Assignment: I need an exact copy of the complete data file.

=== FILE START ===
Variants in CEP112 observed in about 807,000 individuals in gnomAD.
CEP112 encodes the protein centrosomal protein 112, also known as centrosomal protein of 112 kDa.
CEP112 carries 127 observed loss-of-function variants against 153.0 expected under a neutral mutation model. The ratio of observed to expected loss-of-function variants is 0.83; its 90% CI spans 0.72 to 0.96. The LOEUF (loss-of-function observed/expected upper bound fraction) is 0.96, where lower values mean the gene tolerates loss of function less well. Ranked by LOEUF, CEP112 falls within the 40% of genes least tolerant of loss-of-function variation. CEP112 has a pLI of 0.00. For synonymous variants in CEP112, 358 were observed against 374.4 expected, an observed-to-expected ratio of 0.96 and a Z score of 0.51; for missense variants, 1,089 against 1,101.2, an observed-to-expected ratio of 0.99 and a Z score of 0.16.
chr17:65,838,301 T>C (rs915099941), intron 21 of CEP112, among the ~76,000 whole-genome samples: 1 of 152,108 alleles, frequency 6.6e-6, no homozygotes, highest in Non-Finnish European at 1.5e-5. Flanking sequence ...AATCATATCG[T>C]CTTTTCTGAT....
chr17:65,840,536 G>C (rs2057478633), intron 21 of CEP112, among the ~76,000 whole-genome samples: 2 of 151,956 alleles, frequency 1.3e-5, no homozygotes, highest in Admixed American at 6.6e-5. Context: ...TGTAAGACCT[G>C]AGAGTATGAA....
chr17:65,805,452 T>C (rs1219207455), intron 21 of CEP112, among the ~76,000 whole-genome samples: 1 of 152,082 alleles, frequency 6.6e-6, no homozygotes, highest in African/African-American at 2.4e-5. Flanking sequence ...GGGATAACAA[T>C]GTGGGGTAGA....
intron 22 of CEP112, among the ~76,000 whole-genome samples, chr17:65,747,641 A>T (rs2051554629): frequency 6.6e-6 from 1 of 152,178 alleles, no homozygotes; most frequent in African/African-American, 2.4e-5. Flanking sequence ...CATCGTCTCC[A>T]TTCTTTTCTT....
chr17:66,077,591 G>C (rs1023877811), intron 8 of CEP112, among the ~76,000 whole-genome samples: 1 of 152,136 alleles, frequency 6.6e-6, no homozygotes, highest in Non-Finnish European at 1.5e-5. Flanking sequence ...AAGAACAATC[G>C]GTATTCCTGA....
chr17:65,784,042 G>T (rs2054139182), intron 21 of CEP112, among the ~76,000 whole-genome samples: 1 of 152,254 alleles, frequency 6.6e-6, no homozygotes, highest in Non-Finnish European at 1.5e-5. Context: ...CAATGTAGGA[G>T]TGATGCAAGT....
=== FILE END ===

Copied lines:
Variants in CEP112 observed in about 807,000 individuals in gnomAD.
CEP112 encodes the protein centrosomal protein 112, also known as centrosomal protein of 112 kDa.
CEP112 carries 127 observed loss-of-function variants against 153.0 expected under a neutral mutation model. The ratio of observed to expected loss-of-function variants is 0.83; its 90% CI spans 0.72 to 0.96. The LOEUF (loss-of-function observed/expected upper bound fraction) is 0.96, where lower values mean the gene tolerates loss of function less well. Ranked by LOEUF, CEP112 falls within the 40% of genes least tolerant of loss-of-function variation. CEP112 has a pLI of 0.00. For synonymous variants in CEP112, 358 were observed against 374.4 expected, an observed-to-expected ratio of 0.96 and a Z score of 0.51; for missense variants, 1,089 against 1,101.2, an observed-to-expected ratio of 0.99 and a Z score of 0.16.
chr17:65,838,301 T>C (rs915099941), intron 21 of CEP112, among the ~76,000 whole-genome samples: 1 of 152,108 alleles, frequency 6.6e-6, no homozygotes, highest in Non-Finnish European at 1.5e-5. Flanking sequence ...AATCATATCG[T>C]CTTTTCTGAT....
chr17:65,840,536 G>C (rs2057478633), intron 21 of CEP112, among the ~76,000 whole-genome samples: 2 of 151,956 alleles, frequency 1.3e-5, no homozygotes, highest in Admixed American at 6.6e-5. Context: ...TGTAAGACCT[G>C]AGAGTATGAA....
chr17:65,805,452 T>C (rs1219207455), intron 21 of CEP112, among the ~76,000 whole-genome samples: 1 of 152,082 alleles, frequency 6.6e-6, no homozygotes, highest in African/African-American at 2.4e-5. Flanking sequence ...GGGATAACAA[T>C]GTGGGGTAGA....
intron 22 of CEP112, among the ~76,000 whole-genome samples, chr17:65,747,641 A>T (rs2051554629): frequency 6.6e-6 from 1 of 152,178 alleles, no homozygotes; most frequent in African/African-American, 2.4e-5. Flanking sequence ...CATCGTCTCC[A>T]TTCTTTTCTT....
chr17:66,077,591 G>C (rs1023877811), intron 8 of CEP112, among the ~76,000 whole-genome samples: 1 of 152,136 alleles, frequency 6.6e-6, no homozygotes, highest in Non-Finnish European at 1.5e-5. Flanking sequence ...AAGAACAATC[G>C]GTATTCCTGA....
chr17:65,784,042 G>T (rs2054139182), intron 21 of CEP112, among the ~76,000 whole-genome samples: 1 of 152,254 alleles, frequency 6.6e-6, no homozygotes, highest in Non-Finnish European at 1.5e-5. Context: ...CAATGTAGGA[G>T]TGATGCAAGT....